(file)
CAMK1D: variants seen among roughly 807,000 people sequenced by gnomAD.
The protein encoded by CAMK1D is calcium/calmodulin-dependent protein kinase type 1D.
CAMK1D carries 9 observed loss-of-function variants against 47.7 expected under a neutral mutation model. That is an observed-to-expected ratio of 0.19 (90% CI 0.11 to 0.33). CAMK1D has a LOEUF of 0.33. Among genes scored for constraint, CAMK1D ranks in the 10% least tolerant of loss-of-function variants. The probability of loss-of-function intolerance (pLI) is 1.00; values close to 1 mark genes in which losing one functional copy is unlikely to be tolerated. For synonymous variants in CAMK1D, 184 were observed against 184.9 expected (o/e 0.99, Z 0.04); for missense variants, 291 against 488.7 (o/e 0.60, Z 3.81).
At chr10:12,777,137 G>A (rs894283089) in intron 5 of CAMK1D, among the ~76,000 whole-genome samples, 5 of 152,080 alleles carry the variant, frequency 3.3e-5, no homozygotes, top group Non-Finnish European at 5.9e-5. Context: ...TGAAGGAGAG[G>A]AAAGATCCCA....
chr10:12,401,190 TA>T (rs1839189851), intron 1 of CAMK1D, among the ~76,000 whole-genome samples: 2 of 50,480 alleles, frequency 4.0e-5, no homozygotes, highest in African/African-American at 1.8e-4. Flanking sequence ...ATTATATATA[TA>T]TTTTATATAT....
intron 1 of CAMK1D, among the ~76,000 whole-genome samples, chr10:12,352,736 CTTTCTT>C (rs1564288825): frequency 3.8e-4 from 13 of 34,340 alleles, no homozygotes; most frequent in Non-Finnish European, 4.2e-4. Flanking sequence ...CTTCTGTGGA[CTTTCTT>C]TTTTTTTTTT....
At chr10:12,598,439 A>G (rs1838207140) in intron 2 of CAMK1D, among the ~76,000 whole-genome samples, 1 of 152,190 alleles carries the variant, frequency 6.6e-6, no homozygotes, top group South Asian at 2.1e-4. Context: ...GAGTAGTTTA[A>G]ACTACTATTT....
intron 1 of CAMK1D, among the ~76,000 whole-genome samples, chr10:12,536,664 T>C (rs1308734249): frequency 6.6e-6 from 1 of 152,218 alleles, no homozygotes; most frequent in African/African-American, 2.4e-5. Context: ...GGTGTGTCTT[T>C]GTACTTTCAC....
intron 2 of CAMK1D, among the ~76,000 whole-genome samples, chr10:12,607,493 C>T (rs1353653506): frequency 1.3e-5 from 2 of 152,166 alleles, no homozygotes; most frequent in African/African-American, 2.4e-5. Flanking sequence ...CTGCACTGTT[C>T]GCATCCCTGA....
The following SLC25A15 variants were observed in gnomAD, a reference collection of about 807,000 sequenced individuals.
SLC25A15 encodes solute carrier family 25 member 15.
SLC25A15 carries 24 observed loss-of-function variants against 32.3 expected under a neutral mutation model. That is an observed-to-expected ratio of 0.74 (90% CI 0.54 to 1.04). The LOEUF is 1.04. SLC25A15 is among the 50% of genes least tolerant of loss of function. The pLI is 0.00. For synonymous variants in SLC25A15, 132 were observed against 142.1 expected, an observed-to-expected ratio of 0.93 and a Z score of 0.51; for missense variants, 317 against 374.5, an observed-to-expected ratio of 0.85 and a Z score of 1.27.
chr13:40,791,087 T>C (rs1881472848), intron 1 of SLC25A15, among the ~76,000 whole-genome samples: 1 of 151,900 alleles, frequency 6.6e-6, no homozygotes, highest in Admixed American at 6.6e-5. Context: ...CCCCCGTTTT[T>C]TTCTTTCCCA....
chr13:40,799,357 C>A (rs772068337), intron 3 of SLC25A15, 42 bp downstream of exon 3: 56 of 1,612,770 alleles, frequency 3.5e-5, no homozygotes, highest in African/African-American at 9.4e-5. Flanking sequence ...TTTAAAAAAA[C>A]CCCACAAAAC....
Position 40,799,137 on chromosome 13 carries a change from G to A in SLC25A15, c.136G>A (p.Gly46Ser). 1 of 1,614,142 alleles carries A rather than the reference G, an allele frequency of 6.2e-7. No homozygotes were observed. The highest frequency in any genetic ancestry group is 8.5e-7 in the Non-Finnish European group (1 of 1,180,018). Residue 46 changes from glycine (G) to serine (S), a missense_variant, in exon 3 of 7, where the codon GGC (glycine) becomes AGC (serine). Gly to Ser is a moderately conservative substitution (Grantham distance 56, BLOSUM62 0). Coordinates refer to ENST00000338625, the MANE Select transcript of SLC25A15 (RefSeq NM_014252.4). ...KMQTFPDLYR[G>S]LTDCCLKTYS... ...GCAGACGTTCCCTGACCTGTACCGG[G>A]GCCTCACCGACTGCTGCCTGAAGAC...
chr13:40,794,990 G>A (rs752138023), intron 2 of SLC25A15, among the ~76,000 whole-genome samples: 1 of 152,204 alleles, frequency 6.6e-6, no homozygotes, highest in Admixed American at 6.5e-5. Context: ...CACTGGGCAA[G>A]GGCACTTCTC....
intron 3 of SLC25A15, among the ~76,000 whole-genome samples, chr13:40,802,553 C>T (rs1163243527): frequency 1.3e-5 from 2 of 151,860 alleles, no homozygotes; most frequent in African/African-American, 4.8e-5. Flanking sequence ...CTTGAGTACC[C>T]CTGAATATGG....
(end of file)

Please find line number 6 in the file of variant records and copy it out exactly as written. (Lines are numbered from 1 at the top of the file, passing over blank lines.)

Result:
intron 1 of CAMK1D, among the ~76,000 whole-genome samples, chr10:12,352,736 CTTTCTT>C (rs1564288825): frequency 3.8e-4 from 13 of 34,340 alleles, no homozygotes; most frequent in Non-Finnish European, 4.2e-4. Flanking sequence ...CTTCTGTGGA[CTTTCTT>C]TTTTTTTTTT....